Tech News

Russian Developers Blocked From Contributing To FOSS Tools

news - Posted On:2023-03-21 19:30:00 Source: slashdot

The Reg has seen two recent incidents of Russian developers being blocked from public development of FOSS code. One was a refusal on the Linux kernel mailing list, the other a more general block on Github. In the last week, these events have both caused active, and sometimes heated, discussions in FOSS developer communities. From the report: The GitHub account of developer Alexander Amelkin has been blocked, and his repositories marked as "archived" â" including ipmitool, whose README describes it as "a utility for managing and configuring devices that support the Intelligent Platform Management Interface." Unable to comment on Github itself, Amelkin described what happened on the project's older Soureforge page. Amelkin works for Russian chipbuilder Yadro, which we described as working on RISC-V chips back in 2021. Microsoft is just obeying US law in this: according to the War and Sanctions database of the Ukrainian National Agency on Corruption Prevention, the NACP, Yadro is a sanctioned company. However, on LinkedIn, Amelkin disputes his employer's involvement. Over on Hacker News, commentators seem to be generally in favor of the move, although the discussion on LWN is more measured, pointing out both that there is little threat from server-management tools like this, but that Microsoft probably has no choice. Amelkin is not alone. Over on the Linux Kernel Mailing List, a contribution from Sergey Semin has been refused with the terse notice: "We don't feel comfortable accepting patches from or relating to hardware produced by your organization. Please withhold networking contributions until further notice." Semin is a developer at chipmaker Baikal Electronics, a company whose website has been suspended for a year now, as we noted a year ago in a story that also mentions Yadro. We were reporting on Baikal's efforts to develop its own CPUs nearly a decade ago, mere months after the Russian annexation of Crimea. And once again, there is spirited debate over the move on the Orange Site. Read more of this story at Slashdot.

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Intel Graphics Chief Leaves After Five Years

technology - Posted On:2023-03-21 18:45:00 Source: slashdot

After five years attempting to make Intel into a competitor for Nvidia and AMD in the realm of discrete graphics for gamers and beyond -- with limited success -- Raja Koduri is leaving Intel to form his own generative AI startup. The Verge reports: Intel hired him away from AMD in 2017, where he was similarly in charge of the entire graphics division, and it was an exciting get at the time! Not only had Intel poached a chief architect who'd just gone on sabbatical but Intel also revealed that it did so because it wanted to build discrete graphics cards for the first time in (what would turn out to be) 20 years. Koduri had previously been poached for similarly exciting projects, too -- Apple hired him away from AMD ahead of an impressive string of graphics improvements, and then AMD brought him back again in 2013. Intel has yet to bring real competition to the discrete graphics card space as of Koduri's departure. [...] But the company has a long GPU roadmap, so it's possible things get better and more competitive in subsequent gens. It took a lot longer than five years for Nvidia and AMD to make it that far. By the time Koduri left, he wasn't just in charge of graphics but also Intel's "accelerated computing" initiatives, including things like a crypto chip. Read more of this story at Slashdot.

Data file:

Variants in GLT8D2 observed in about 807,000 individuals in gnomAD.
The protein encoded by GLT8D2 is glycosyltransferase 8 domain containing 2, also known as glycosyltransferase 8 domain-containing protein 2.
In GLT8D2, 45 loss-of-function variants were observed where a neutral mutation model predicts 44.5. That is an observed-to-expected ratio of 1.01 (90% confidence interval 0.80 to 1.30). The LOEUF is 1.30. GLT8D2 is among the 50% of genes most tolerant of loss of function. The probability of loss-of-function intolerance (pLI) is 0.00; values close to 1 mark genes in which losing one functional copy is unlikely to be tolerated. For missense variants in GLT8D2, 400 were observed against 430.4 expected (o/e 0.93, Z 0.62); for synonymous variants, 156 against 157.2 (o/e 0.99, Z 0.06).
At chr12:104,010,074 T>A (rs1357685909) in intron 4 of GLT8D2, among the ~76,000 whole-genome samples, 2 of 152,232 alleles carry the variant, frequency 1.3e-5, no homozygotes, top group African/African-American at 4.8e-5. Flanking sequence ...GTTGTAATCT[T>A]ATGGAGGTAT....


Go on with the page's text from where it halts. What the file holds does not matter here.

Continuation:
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Hyundai Promises To Keep Buttons In Cars Because Touchscreen Controls Are Dangerous

technology - Posted On:2023-03-21 18:15:00 Source: slashdot

An anonymous reader quotes a report from The Drive: Sang Yup Lee, Hyundai's head of design, reiterated the company's commitment to buttons at the introduction of the new Hyundai Kona. As reported by CarsGuide, for the Korean automaker, it's a decision rooted in safety concerns. "We have used the physical buttons quite significantly the last few years. For me, the safety-related buttons have to be a hard key," said Lee. It's a design call that makes a lot of sense. In some modern vehicles, adjusting things like the volume or climate control settings can require diving into menus on a touch screen, or using your eyes to find a touch control on the dash. In comparison, the tactile feedback of real buttons, dials, and switches lets drivers keep their eyes on the road instead. "When you're driving, it's hard to control it. This is why when it's a hard key it's easy to sense and feel it," said Lee. As far as he is concerned, physical controls are a necessity for anything that could impact safety. Hence the physical buttons and dials for items like the HVAC system and volume control. Lee hinted that while this is a priority for Hyundai today, things may change in future. In particular, the company will likely look at using touch controls more heavily when autonomous driving becomes mainstream. "When it comes to Level 4 autonomous driving, then we'll have everything soft key," said Lee. Read more of this story at Slashdot.